Preview of Coming Attractions

Over the next several months, I will be traveling across the country in search of cat stories, visiting innovative cat rescues and shelters, interviewing eccentric cat lovers, leading vets and behaviorists and so much more. To view my travel schedule and learn more about my Cat Behaviorist business, please visit http://www.thecatbehaviorist.com/ . If I will be in your area and you feel you have some interesting cat stories to share, please don't hesistate to contact me via my website.

Wednesday, May 30, 2007

Nashville, TN: Rehabilitation

Cats have changed me. For as long as I can remember, I was a moody, brooding person with a natural attraction to tragedy and anxiety. But over the past few years, the deepening of my relationship with cats has opened my soul to joy. The love that I share with these graceful light-hearted creatures has allowed me to let go of old grudges and reconcile my relationship with my long estranged father. It has helped me to overcome my crippling fear of flying. I have also observed the calm and gentleness that they evoke in my emotionally turbulent daughter. I have great faith in the rehabilitative power of our relationships with cats.

Over the last two weeks, my marriage has crumbled. I have cried so much that I burst a blood vessel in my eye. During these dark days, I forgot much of what cats have taught me. My own dear cats, cuddly and kind as they are, seemed distant and beyond the breakdown of my family.

Last night, unable to concentrate on my more technical reading, I pulled an untouched book from my cat library. With the first few pages, I was flooded with feline joy. “A Cat Called Canoe” isn’t a work of literary genius. It is sometimes awkward , sometimes overwritten, but it is none the less full of one man’s exhuberant love of his comical, yet strikingly beautiful cat called Canoe.

Every page lifts me up, reminding me of the happiness a feline perspective has brought to my journey. His retelling of Canoe’s antics, his clever cat dialogue (putting English words into Canoe’s mouth) and the combined affections of the author and his wife for their cat all come together to make me laugh and remember all that cats have brought to my life. I am so happy to be reminded.


My Cat Odyssey began as a quest to learn more about cats and those that love them. In wanting to learn more about how to rehabilitate cats, I have discovered the cat's fascinating ability to rehabilitate people. I know that many humans have had similar experiences in their relationships with dogs, horses, dolphins, even elephants, otters and bees.

This is where my cat odyssey—my infinite love and curiousity for cats—starts to expand to an investigation of how animals are able to heal people.

At a prison in British Columbia, the local humane society began an experiment. They created a cat shelter in a nearby men’s prison, allowing the inmates to care for the cats, under the supervision of a qualified volunteer. That volunteer, Maggie, witnessed a transformation in many of the prisoners, as a result of their engagement with cats. Most strikingly of all was a young man named Roger. Roger had served 10 years in a maximum security men’s prison for armed robbery. During that time he had completely shut down. He wore a baseball cap over his eyes, blocking any facial contact. He refused to communicate with anyone. His body posture was tight and defensive. This young man was about to be released from his sentence and the warden was gravely concerned about his ability to function in society. So she recommended that he work in the cat program, hoping a miracle might occur before he was paroled.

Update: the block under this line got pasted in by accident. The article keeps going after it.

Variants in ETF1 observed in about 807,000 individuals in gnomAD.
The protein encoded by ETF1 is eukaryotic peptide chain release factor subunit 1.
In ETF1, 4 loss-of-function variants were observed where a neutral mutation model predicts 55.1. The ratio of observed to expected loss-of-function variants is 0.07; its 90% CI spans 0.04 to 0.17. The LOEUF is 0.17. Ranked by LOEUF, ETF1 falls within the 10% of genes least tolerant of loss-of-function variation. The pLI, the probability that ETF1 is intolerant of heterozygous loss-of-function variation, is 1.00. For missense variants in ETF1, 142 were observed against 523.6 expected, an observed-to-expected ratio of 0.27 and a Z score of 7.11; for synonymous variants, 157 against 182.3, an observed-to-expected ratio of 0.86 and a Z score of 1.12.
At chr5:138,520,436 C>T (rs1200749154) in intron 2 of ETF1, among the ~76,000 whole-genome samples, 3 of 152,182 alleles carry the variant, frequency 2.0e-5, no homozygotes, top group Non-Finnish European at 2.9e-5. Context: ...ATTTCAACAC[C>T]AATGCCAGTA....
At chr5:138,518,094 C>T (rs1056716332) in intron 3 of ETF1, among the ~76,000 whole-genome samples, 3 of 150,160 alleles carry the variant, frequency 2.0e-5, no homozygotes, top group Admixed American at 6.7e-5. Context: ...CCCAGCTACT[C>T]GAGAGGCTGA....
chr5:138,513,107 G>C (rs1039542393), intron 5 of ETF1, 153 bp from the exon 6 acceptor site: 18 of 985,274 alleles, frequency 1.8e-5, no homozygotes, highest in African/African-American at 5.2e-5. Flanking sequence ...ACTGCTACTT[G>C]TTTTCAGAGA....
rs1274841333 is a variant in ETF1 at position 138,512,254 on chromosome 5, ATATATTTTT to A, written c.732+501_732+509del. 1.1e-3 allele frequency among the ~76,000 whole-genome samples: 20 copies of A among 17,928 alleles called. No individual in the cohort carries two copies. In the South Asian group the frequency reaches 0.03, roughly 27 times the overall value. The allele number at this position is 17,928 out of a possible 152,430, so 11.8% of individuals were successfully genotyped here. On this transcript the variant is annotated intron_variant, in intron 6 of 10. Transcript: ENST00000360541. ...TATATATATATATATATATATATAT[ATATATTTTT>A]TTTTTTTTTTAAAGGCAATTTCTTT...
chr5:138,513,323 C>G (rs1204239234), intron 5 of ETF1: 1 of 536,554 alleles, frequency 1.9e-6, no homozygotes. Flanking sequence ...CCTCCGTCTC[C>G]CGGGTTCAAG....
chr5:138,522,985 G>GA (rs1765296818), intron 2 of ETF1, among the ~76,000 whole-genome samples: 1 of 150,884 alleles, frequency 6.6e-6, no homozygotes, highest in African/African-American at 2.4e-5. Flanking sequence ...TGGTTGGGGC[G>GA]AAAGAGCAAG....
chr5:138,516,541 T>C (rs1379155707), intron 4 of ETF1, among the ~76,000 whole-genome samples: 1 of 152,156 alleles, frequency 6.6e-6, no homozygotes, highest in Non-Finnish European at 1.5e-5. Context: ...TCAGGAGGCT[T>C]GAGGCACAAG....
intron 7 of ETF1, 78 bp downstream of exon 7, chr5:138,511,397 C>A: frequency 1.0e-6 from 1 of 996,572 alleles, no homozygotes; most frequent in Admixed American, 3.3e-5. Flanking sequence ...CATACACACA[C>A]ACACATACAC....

Maggie was skeptical about bringing this young man into the program, but Roger surprised everyone. He had an incredible intuition for cats and their needs. He understood how to approach even the most frightened, reclusive cat and comfort it into friendliness.

During his time with the cats, Roger’s body language completely relaxed and he began to speak to the cats. Eventually, he spoke to other people.

By the time he was ready to be paroled, Roger had completely emerged ready to engage with the world—but he had also grown very attached to one of the cats at the shelter.

Maggie agreed to let Roger adopt the cat on the condition that he stayed straight on the outside, with a regular job. She believed that with the love of that cat supporting him, Roger would be able to rejoin society positively.

He checks in with her every month by phone. He is working and maintaining a home for himself and the cat, as well as volunteering at his local animal shelter. And he credits cats for completely transforming his life.

There are several cat programs buried in the corrections system in the United States. Tomorrow, I visit Indiana State Prison to interview 3 ‘offenders’, one on deathrow, all of whom share their cells with cats.

I’ve never visited a prison before and I am nervous. But that is overcome by an intense curiousity to understand what these cats mean to these men and how the cats have affected their lives and the way they look at the world.

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